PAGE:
The platform was launched following the “Virginia Woolf in Turkey” project in January, which was supported by the British Council.

Where to find it

You can find the project on host Yasemin Bahloul Nirun’s  Woolf-inspired Instagram account. The podcast itself, “Kendine Ait Bir Oda” (“A Room of One’s Own”), can be found at @kendineaitbirodapodcast via Substack on social media and in audio format on Spotify, Apple and Google podcasts.

The project offers a “room” for writers by sharing the best essay in text. Previous winners who wrote Woolfian essays inspired by A Rooms of One’s Own (1929) and To the Lighhouse (1927) are available on these platforms. The writer of the first essay, Tuğba Duzak, has translated her piece and shares it here with the international Woolf community.


By Tuğba Duzak

Before reading Virginia Woolf’s novel, lighthouses, for me, have been the symbol of hope and new opportunities. Considering the generic function of the lighthouses, it was second nature to think of them as a light of life. The light emanating from the lighthouse, connecting a sailor, who was desperately trying to find their way, to life has always filled me with an indescribable joy. That is why, for me, the symbol of hope has always been lighthouses. Nevertheless, when I read Woolf’s To The Lighthouse, that belief turned upside down. The lighthouse, which is used as a symbol of unattainability in the book, destroyed the symbolism I had built in my mind with what can be called a childish naivety, and left a huge disappointment in its place. I had no light to lead my sailor home safe and sound anymore. I lost the way home, and to myself.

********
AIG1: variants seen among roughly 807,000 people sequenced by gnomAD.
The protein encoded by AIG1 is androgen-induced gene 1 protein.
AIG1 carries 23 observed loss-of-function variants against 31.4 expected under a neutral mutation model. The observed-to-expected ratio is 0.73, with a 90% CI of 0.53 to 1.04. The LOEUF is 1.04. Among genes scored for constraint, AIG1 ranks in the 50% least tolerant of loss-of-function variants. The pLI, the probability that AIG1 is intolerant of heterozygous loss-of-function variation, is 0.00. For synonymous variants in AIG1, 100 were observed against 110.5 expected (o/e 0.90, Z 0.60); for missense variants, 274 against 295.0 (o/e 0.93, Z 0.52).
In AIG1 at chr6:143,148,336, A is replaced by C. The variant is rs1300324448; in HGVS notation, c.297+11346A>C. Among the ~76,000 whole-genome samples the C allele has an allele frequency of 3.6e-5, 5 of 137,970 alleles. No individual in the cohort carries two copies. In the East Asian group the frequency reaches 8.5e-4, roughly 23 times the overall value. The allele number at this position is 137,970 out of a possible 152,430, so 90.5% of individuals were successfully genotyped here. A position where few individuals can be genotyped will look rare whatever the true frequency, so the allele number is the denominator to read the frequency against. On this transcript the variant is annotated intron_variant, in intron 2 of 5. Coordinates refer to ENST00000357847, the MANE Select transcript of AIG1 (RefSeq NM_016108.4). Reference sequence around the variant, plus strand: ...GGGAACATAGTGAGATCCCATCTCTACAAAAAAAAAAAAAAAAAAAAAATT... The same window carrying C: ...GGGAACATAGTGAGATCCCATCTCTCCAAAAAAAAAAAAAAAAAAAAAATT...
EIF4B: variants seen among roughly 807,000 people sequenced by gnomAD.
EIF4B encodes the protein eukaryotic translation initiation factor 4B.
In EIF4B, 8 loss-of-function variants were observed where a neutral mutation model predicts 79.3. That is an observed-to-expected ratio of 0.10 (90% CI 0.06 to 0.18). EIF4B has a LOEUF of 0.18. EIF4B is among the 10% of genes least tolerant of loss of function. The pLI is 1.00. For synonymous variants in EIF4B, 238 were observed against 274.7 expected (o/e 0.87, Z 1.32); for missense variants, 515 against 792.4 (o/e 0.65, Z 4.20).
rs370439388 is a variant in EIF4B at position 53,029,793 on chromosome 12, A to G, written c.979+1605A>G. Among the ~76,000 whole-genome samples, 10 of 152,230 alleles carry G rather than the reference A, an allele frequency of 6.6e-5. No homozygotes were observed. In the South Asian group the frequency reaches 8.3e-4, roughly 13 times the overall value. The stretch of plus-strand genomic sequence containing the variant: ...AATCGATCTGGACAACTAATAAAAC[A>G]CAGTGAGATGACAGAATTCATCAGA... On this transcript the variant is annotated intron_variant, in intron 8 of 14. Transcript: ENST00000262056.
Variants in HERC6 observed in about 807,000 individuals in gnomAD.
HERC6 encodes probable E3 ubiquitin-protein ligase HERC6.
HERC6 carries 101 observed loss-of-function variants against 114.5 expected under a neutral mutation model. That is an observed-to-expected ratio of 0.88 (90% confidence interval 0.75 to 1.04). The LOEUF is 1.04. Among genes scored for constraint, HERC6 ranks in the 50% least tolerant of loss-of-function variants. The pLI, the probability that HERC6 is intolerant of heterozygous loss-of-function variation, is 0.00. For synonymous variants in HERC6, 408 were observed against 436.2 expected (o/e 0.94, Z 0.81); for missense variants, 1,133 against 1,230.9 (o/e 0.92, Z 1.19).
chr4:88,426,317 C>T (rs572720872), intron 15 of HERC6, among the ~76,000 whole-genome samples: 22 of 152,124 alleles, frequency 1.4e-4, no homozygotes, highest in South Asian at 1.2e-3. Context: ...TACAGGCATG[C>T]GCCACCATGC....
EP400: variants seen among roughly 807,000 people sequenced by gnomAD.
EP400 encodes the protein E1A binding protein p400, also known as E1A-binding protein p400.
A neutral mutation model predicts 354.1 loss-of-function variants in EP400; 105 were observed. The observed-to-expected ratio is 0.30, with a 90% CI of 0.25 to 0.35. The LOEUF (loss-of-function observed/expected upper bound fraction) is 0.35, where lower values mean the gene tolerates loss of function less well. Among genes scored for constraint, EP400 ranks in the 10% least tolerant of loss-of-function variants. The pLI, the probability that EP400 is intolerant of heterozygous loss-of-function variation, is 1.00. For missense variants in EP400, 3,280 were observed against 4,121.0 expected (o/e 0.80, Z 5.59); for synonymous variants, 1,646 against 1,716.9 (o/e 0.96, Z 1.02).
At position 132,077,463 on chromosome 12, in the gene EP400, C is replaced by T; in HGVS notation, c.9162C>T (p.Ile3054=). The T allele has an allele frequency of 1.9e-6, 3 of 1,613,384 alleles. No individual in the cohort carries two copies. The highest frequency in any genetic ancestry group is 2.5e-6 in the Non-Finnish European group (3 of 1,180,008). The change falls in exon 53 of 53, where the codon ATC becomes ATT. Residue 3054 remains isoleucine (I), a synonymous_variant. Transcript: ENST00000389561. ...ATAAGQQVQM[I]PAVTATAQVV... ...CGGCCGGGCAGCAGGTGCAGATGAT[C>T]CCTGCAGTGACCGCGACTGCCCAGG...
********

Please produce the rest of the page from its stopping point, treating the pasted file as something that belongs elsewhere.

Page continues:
My thoughts might sound a bit sombre, given that nobody likes losses. But, are they really that bad, just because we do not like them?

Lately, losing is a notion that I have been pondering over a lot. It is an action that happens independently of the person, with our hands tied. We cannot lose something on purpose, actually, the ignorance of the person creates the state of being lost, for that reason, it is as if it always evokes despair in humans.

Sometimes we lose someone we love. Rather than saying “She died.” we say, “We lost B.” I wonder why we do that. Whose feelings do we take into consideration when we say, “lost”? We lost her, yeah. Traffic accident. Yeah, it’s hard, she was married. No kids, no. Yeah, we lost her.